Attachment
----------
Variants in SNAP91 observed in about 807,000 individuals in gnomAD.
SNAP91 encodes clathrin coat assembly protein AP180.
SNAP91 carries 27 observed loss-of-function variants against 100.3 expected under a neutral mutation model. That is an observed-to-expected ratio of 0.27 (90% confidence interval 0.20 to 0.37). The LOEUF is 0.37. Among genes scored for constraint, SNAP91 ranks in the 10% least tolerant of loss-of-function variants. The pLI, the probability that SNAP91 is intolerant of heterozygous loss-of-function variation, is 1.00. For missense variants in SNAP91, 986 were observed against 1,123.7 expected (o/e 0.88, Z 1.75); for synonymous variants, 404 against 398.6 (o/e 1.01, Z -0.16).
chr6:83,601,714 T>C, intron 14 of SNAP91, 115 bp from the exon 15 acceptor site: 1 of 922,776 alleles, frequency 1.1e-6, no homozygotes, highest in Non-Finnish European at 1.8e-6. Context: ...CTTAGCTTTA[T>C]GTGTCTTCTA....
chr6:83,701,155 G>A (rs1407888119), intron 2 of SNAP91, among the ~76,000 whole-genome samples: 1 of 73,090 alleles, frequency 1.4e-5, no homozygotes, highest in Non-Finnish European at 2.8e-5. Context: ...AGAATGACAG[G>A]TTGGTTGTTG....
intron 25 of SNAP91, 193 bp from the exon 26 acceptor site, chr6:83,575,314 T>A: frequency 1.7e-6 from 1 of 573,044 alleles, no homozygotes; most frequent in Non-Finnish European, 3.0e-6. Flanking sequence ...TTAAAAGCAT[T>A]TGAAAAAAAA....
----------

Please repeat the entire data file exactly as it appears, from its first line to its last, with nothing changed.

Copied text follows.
Variants in SNAP91 observed in about 807,000 individuals in gnomAD.
SNAP91 encodes clathrin coat assembly protein AP180.
SNAP91 carries 27 observed loss-of-function variants against 100.3 expected under a neutral mutation model. That is an observed-to-expected ratio of 0.27 (90% confidence interval 0.20 to 0.37). The LOEUF is 0.37. Among genes scored for constraint, SNAP91 ranks in the 10% least tolerant of loss-of-function variants. The pLI, the probability that SNAP91 is intolerant of heterozygous loss-of-function variation, is 1.00. For missense variants in SNAP91, 986 were observed against 1,123.7 expected (o/e 0.88, Z 1.75); for synonymous variants, 404 against 398.6 (o/e 1.01, Z -0.16).
chr6:83,601,714 T>C, intron 14 of SNAP91, 115 bp from the exon 15 acceptor site: 1 of 922,776 alleles, frequency 1.1e-6, no homozygotes, highest in Non-Finnish European at 1.8e-6. Context: ...CTTAGCTTTA[T>C]GTGTCTTCTA....
chr6:83,701,155 G>A (rs1407888119), intron 2 of SNAP91, among the ~76,000 whole-genome samples: 1 of 73,090 alleles, frequency 1.4e-5, no homozygotes, highest in Non-Finnish European at 2.8e-5. Context: ...AGAATGACAG[G>A]TTGGTTGTTG....
intron 25 of SNAP91, 193 bp from the exon 26 acceptor site, chr6:83,575,314 T>A: frequency 1.7e-6 from 1 of 573,044 alleles, no homozygotes; most frequent in Non-Finnish European, 3.0e-6. Flanking sequence ...TTAAAAGCAT[T>A]TGAAAAAAAA....